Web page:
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- Michael Rosamilia

It’s 1993. The Super Nintendo and Sega
Genesis are warring over territory. The
industry is growing and a name from the
past aims to recapture what it once
owned. The tactic? Raw power. The
play? Hail Mary. The player? Atari
made one last comeback attempt into the
console industry with a machine that
was supposed to be the most powerful
ever: the 64-bit Atari Jaguar. While Atari
claimed the Jaguar was truly 64-bit,
some say they used fuzzy math to come
up with that number. Out of the Jaguar’s
five processors, two were 32-bit working
in unison.

One big problem the Jaguar faced was
that it used the same 16-bit Motorola
68000 processor that the Sega Genesis
used. The Jaguar was designed to use
this processor for only minor tasks, like
checking controller ports. However, since
many programmers were already familiar with the 68000, the Jaguar was offering despite a few great games like
being that it was the CPU in the Genesis, they sometimes Alien vs. Predator and Tempest 2000. The system did not
opted to use only that processor instead of the more pow- fall flat on its face right away but by the time the Sega
erful processors named ―Tom‖ and ―Jerry.‖ The result? Saturn and Sony Playstation hit the market it was quickly
Despite the claims of 64-bits some games ended up look- over for Atari. The company merged with JTS Corporation
ing 16-bit, which undermined Atari’s sales pitch. Atari used in 1996. In 1998, for a mere $5 million dollars, JTS sold
the tagline ―Do the Math‖ in association with the 64-bit Atari to the video game subsidiary of toy and game com-
number being thrown around. A common joke around the pany Hasbro. In 2000 Hasbro Interactive lost about 70% of
time was that the players had to do the math because the stock value and in January of 2001 was sold along with the
Jaguar couldn’t. However, the 64-bit advertising platform rights and name of Atari to Infogrames. In 2003 Infog-
may not have been a lie. There are components used in rames changed its North American subsidiary to Atari, Inc
the machine that qualify as 64-bit and nobody has officially but with a string of relatively poor titles, the new Atari be-
established what is required in the architecture to accu- came just a shadow of its former glory.
rately define a system as a #-bit. To this day, there are still
some debates whether the Jaguar meets the criteria to be I don’t want to talk poorly about Atari but there are some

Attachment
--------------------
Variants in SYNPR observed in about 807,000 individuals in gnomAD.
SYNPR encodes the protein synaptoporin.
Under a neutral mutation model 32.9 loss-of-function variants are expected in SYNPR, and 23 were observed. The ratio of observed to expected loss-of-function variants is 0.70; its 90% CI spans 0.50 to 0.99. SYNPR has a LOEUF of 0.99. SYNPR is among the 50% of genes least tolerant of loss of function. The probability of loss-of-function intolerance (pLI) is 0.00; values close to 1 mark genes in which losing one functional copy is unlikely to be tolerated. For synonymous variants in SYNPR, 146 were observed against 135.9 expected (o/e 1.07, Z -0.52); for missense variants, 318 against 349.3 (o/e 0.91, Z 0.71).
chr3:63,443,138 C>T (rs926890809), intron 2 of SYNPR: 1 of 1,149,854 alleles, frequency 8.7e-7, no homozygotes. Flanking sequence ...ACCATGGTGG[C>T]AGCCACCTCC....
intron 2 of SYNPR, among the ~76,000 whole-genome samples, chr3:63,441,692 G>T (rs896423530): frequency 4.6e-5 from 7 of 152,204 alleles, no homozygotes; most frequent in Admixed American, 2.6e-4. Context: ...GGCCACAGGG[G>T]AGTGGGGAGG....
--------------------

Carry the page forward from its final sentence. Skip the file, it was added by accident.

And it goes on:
considered 64-bits. things about its swan song that just make me chuckle. The
most amusing aspect of the Jaguar is the controller. If you
The Atari Jaguar was not obscenely expensive with a $250 ever get a chance to hold this catastrophe, do so. You
launch price in 1993, but at the same time, it may not have won’t regret the laugh. The top part of it looks relatively
been worth it to spend the money on the Jaguar when that normal. Originally it had three action buttons. A second
cash could be better spent on quality Super Nintendo and controller was made with the same design but with six face
Sega Genesis games. Atari released the Jaguar CD in buttons and an additional two shoulder buttons not unlike
1995 but it was already too late for the console to live far the Saturn. The problem is, despite the numbers I just
beyond that. As such, the Jaguar CD was not a success. provided, the thing has more buttons than a telephone.
That’s right. Under the standard controller buttons is a
Atari had not been a heavy hitter in the industry for over ten telephone keypad. I appreciate the gesture but I don’t think
years and consumers were not prepared to accept what I’ll be ordering a pizza while playing.

The Jaguar sold just roughly half a million
units. With Atari’s failure, it became apparent
that throwing bits around was not a testament
of quality. The key to attracting consumers is
by attracting developers. As a console manu-
facturer, it is your job to convince third parties
that your console is worthwhile enough to
invest in. It is also your job to convince poten-
tial consumers, via a good library of games,
your console is worthwhile enough to pur-
chase. Atari, sadly, failed to do either.
Despite the Jaguar’s commercial failure, the
Jaguare has a large fan base that produces
homebrew games, making the console a cult
4 | Video Game Trader Magazine | #8 |
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